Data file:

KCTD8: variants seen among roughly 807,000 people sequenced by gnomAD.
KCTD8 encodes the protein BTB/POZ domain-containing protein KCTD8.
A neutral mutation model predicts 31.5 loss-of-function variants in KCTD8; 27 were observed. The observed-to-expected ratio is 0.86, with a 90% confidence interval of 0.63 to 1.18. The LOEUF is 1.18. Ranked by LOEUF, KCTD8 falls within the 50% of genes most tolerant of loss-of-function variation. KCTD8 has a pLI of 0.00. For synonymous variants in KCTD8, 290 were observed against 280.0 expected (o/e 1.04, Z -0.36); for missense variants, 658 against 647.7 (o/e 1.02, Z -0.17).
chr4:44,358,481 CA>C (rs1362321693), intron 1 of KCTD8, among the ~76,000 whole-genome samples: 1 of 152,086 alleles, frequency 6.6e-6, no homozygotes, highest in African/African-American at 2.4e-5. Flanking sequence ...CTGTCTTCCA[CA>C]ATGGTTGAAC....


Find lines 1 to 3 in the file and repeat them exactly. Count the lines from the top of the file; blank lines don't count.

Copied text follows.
KCTD8: variants seen among roughly 807,000 people sequenced by gnomAD.
KCTD8 encodes the protein BTB/POZ domain-containing protein KCTD8.
A neutral mutation model predicts 31.5 loss-of-function variants in KCTD8; 27 were observed. The observed-to-expected ratio is 0.86, with a 90% confidence interval of 0.63 to 1.18. The LOEUF is 1.18. Ranked by LOEUF, KCTD8 falls within the 50% of genes most tolerant of loss-of-function variation. KCTD8 has a pLI of 0.00. For synonymous variants in KCTD8, 290 were observed against 280.0 expected (o/e 1.04, Z -0.36); for missense variants, 658 against 647.7 (o/e 1.02, Z -0.17).